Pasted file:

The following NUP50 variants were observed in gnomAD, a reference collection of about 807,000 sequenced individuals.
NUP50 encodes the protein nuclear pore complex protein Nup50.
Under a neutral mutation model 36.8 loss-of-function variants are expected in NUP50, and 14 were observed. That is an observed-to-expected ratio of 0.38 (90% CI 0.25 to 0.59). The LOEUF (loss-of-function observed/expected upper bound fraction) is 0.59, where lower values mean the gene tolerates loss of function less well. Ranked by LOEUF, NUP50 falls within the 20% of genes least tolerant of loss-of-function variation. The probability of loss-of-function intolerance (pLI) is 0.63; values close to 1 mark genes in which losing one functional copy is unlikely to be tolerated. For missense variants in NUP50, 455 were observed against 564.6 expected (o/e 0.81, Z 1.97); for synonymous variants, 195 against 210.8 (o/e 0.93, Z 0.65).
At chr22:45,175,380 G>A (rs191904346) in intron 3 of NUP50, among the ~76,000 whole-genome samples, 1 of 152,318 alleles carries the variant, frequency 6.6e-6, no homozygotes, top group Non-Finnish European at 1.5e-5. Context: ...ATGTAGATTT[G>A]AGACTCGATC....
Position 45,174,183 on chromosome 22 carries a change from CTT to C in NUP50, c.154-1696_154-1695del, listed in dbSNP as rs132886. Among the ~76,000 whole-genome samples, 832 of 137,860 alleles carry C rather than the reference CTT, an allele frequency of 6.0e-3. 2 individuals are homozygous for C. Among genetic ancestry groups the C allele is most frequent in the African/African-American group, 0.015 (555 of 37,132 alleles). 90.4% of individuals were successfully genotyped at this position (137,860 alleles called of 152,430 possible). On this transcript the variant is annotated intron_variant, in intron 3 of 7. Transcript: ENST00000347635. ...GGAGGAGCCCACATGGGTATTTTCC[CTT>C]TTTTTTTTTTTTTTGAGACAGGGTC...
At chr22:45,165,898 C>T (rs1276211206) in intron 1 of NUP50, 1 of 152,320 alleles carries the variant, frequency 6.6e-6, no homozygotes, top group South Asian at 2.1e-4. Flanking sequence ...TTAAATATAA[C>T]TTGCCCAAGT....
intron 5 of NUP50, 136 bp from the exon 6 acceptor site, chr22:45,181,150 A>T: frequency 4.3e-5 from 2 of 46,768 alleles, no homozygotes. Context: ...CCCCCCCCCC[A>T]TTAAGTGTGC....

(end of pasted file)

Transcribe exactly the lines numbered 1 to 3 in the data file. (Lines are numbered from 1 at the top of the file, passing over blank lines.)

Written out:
The following NUP50 variants were observed in gnomAD, a reference collection of about 807,000 sequenced individuals.
NUP50 encodes the protein nuclear pore complex protein Nup50.
Under a neutral mutation model 36.8 loss-of-function variants are expected in NUP50, and 14 were observed. That is an observed-to-expected ratio of 0.38 (90% CI 0.25 to 0.59). The LOEUF (loss-of-function observed/expected upper bound fraction) is 0.59, where lower values mean the gene tolerates loss of function less well. Ranked by LOEUF, NUP50 falls within the 20% of genes least tolerant of loss-of-function variation. The probability of loss-of-function intolerance (pLI) is 0.63; values close to 1 mark genes in which losing one functional copy is unlikely to be tolerated. For missense variants in NUP50, 455 were observed against 564.6 expected (o/e 0.81, Z 1.97); for synonymous variants, 195 against 210.8 (o/e 0.93, Z 0.65).